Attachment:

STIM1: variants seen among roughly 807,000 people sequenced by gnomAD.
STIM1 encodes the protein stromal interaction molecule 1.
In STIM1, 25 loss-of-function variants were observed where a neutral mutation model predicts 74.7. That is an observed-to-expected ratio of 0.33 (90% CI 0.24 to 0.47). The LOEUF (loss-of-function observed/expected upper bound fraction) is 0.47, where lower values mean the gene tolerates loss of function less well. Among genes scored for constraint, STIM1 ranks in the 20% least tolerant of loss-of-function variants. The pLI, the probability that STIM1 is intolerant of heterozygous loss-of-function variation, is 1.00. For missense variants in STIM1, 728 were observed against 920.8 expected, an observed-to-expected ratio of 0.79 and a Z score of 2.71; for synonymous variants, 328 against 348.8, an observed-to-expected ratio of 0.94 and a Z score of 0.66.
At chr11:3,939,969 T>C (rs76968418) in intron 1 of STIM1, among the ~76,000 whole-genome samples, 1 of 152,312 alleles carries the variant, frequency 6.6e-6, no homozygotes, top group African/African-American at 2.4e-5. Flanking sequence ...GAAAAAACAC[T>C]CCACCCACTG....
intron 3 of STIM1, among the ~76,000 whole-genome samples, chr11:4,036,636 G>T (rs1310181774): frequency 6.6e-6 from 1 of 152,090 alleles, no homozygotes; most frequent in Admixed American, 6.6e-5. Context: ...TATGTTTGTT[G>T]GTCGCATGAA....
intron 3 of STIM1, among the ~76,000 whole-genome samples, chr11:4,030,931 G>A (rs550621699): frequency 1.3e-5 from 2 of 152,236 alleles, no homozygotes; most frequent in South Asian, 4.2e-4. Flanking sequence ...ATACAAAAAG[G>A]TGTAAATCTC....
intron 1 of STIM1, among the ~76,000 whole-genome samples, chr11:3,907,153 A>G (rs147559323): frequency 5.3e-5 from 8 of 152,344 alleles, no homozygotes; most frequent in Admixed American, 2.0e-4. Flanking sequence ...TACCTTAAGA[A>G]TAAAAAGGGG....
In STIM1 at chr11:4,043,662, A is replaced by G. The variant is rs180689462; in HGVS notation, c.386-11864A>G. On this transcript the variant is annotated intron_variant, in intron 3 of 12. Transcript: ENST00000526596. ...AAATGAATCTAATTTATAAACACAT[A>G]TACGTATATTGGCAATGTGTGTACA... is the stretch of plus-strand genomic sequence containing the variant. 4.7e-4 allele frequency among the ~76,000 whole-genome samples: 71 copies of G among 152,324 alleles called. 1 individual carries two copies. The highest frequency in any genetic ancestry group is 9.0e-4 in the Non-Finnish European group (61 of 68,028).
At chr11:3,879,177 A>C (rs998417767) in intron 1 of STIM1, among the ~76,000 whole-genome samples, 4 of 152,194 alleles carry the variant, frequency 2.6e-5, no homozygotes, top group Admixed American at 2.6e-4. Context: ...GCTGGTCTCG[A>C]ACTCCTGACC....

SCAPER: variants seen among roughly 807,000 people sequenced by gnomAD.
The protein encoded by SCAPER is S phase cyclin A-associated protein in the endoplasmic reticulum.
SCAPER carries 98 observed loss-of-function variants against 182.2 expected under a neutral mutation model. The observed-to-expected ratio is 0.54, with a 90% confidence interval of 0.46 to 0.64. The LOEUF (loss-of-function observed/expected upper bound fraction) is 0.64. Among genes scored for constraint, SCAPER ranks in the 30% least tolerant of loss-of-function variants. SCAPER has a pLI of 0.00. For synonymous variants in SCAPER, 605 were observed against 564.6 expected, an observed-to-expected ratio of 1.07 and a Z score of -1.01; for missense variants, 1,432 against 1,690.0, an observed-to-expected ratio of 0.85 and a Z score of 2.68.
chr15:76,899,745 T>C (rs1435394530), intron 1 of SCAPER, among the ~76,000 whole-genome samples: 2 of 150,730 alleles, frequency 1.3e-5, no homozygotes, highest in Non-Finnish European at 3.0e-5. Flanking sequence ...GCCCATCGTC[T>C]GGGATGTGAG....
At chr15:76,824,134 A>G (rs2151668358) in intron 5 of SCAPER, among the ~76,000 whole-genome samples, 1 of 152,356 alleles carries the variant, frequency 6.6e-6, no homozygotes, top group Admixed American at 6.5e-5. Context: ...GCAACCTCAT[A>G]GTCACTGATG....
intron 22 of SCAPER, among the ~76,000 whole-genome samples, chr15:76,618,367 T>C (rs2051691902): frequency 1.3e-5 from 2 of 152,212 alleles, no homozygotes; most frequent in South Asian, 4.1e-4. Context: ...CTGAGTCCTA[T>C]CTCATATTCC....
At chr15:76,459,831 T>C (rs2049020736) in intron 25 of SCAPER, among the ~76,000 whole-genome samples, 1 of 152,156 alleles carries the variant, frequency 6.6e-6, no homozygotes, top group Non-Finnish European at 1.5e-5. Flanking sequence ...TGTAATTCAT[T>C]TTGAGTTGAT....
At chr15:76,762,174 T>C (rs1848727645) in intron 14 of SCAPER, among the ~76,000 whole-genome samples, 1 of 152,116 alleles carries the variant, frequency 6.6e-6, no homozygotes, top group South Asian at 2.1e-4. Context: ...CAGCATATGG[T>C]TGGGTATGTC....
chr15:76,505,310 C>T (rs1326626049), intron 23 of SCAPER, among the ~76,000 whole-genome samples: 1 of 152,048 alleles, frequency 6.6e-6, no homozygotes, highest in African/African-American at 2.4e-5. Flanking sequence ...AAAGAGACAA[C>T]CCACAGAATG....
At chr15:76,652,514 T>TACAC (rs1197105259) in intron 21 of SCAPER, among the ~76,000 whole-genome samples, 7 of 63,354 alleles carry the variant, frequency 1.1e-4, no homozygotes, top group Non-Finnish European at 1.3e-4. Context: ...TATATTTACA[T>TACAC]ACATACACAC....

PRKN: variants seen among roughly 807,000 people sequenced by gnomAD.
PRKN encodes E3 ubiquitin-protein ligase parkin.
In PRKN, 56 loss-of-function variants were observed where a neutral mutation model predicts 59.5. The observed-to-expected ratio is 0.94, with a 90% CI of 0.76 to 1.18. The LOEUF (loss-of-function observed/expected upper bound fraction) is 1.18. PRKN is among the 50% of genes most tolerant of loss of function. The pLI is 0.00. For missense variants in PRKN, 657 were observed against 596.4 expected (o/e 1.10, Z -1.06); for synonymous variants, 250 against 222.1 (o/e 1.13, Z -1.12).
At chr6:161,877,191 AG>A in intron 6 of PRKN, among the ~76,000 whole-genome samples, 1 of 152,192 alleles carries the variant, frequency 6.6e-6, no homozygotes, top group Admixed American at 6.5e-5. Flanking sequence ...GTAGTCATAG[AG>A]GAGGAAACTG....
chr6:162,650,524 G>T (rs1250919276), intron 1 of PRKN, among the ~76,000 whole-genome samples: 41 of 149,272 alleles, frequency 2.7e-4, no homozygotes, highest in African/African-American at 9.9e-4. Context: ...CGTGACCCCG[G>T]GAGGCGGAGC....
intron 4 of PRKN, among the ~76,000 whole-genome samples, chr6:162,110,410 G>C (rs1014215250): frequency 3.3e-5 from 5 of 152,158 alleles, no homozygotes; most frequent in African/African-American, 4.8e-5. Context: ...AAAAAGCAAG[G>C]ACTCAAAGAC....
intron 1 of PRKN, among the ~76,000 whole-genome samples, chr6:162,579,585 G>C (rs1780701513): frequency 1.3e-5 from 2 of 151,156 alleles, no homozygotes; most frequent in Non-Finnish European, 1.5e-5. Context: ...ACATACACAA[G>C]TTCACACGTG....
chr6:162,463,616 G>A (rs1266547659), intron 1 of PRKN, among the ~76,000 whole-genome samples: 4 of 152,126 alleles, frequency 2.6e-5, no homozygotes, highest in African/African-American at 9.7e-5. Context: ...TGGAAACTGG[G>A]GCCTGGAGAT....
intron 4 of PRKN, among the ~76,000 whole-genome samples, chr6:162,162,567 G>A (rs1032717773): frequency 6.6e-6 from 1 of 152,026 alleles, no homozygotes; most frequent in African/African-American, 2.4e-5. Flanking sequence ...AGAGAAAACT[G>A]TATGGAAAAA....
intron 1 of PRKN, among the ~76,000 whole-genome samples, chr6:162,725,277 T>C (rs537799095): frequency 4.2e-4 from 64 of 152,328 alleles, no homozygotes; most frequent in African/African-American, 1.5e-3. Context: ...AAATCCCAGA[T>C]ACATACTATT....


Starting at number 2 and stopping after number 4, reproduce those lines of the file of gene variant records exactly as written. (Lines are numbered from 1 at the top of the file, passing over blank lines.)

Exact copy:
STIM1 encodes the protein stromal interaction molecule 1.
In STIM1, 25 loss-of-function variants were observed where a neutral mutation model predicts 74.7. That is an observed-to-expected ratio of 0.33 (90% CI 0.24 to 0.47). The LOEUF (loss-of-function observed/expected upper bound fraction) is 0.47, where lower values mean the gene tolerates loss of function less well. Among genes scored for constraint, STIM1 ranks in the 20% least tolerant of loss-of-function variants. The pLI, the probability that STIM1 is intolerant of heterozygous loss-of-function variation, is 1.00. For missense variants in STIM1, 728 were observed against 920.8 expected, an observed-to-expected ratio of 0.79 and a Z score of 2.71; for synonymous variants, 328 against 348.8, an observed-to-expected ratio of 0.94 and a Z score of 0.66.
At chr11:3,939,969 T>C (rs76968418) in intron 1 of STIM1, among the ~76,000 whole-genome samples, 1 of 152,312 alleles carries the variant, frequency 6.6e-6, no homozygotes, top group African/African-American at 2.4e-5. Flanking sequence ...GAAAAAACAC[T>C]CCACCCACTG....